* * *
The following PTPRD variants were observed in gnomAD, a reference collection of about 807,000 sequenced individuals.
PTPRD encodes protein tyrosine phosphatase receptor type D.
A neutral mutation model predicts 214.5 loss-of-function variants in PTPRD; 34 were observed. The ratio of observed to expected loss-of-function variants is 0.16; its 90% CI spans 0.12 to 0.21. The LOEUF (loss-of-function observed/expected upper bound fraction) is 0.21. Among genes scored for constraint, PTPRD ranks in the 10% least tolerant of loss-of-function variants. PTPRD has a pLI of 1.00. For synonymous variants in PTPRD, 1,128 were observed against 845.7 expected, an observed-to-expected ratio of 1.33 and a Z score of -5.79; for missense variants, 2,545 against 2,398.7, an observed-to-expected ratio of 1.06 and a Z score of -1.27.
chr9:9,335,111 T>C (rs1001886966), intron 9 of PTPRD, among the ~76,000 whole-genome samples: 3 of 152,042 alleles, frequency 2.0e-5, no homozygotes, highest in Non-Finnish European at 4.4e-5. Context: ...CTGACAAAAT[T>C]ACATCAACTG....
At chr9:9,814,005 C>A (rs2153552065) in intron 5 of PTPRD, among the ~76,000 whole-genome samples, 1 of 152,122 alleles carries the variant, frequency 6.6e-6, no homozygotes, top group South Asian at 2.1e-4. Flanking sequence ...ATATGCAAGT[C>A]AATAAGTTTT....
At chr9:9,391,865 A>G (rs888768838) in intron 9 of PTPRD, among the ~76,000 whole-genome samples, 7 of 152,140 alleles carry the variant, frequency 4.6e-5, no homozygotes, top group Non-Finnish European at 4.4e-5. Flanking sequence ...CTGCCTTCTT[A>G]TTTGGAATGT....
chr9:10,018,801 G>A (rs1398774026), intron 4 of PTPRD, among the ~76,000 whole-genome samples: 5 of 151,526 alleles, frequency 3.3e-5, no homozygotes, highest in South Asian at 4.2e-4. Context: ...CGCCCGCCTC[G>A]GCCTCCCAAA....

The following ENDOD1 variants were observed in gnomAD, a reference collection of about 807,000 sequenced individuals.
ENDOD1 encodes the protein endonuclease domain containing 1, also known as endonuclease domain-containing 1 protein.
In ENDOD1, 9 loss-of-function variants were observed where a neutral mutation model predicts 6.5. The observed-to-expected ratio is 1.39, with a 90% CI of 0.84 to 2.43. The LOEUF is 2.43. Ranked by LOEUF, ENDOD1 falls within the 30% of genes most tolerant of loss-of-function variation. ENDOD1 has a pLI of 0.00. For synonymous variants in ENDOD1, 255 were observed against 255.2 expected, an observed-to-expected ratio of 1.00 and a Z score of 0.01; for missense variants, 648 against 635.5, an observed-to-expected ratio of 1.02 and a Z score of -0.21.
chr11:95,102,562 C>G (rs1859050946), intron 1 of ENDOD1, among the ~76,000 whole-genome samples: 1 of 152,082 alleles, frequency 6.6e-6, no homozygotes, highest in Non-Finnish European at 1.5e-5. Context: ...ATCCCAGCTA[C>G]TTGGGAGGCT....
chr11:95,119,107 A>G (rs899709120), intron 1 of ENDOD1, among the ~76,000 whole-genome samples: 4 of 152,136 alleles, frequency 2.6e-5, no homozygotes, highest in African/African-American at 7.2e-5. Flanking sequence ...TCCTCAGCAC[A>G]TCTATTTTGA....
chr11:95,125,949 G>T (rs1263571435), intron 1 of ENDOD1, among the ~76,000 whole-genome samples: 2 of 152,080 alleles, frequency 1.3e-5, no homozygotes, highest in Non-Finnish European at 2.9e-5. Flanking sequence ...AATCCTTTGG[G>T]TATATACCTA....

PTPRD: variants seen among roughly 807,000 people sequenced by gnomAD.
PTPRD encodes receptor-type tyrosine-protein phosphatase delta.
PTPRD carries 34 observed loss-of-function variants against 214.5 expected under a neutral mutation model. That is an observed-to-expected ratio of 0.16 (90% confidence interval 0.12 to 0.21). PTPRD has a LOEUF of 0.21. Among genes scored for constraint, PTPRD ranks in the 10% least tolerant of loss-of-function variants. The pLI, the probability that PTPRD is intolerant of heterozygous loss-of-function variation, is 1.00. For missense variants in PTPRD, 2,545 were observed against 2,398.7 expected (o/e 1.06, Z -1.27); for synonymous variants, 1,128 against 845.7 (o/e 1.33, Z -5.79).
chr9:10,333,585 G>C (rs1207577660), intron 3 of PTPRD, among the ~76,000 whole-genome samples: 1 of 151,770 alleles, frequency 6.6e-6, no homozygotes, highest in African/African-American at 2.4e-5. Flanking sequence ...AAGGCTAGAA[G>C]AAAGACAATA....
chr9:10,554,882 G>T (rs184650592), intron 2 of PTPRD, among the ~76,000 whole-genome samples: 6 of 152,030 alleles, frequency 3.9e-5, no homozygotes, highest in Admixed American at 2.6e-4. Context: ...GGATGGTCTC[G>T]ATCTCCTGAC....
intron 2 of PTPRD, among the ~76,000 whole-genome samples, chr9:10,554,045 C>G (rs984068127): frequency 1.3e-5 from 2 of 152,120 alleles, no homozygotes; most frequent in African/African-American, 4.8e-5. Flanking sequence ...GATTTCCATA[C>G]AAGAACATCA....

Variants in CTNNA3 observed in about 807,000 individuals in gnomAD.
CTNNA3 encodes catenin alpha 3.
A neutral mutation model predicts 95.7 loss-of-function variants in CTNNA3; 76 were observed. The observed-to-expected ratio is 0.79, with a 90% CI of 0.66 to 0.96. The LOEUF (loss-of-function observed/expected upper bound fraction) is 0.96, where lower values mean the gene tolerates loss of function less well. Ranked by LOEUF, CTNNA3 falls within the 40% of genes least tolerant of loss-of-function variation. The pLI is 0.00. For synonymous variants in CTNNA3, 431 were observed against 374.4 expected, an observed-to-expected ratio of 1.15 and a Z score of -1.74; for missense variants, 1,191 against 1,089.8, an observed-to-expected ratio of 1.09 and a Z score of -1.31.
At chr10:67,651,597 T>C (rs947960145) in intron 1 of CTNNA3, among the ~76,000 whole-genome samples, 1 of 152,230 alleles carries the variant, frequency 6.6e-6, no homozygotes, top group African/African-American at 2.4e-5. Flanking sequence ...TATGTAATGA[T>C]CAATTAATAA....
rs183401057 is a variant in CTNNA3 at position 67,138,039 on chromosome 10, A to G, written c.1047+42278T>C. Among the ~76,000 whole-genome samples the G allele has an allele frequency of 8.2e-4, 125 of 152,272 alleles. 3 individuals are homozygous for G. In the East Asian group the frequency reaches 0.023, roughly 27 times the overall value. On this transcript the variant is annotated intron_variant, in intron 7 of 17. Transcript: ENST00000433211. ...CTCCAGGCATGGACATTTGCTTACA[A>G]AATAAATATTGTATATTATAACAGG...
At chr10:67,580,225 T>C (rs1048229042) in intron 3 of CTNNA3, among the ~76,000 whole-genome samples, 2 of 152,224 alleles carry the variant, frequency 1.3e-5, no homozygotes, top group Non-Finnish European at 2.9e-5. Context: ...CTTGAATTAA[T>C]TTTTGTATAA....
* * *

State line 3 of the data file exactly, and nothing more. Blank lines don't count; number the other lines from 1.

A neutral mutation model predicts 214.5 loss-of-function variants in PTPRD; 34 were observed. The ratio of observed to expected loss-of-function variants is 0.16; its 90% CI spans 0.12 to 0.21. The LOEUF (loss-of-function observed/expected upper bound fraction) is 0.21. Among genes scored for constraint, PTPRD ranks in the 10% least tolerant of loss-of-function variants. PTPRD has a pLI of 1.00. For synonymous variants in PTPRD, 1,128 were observed against 845.7 expected, an observed-to-expected ratio of 1.33 and a Z score of -5.79; for missense variants, 2,545 against 2,398.7, an observed-to-expected ratio of 1.06 and a Z score of -1.27.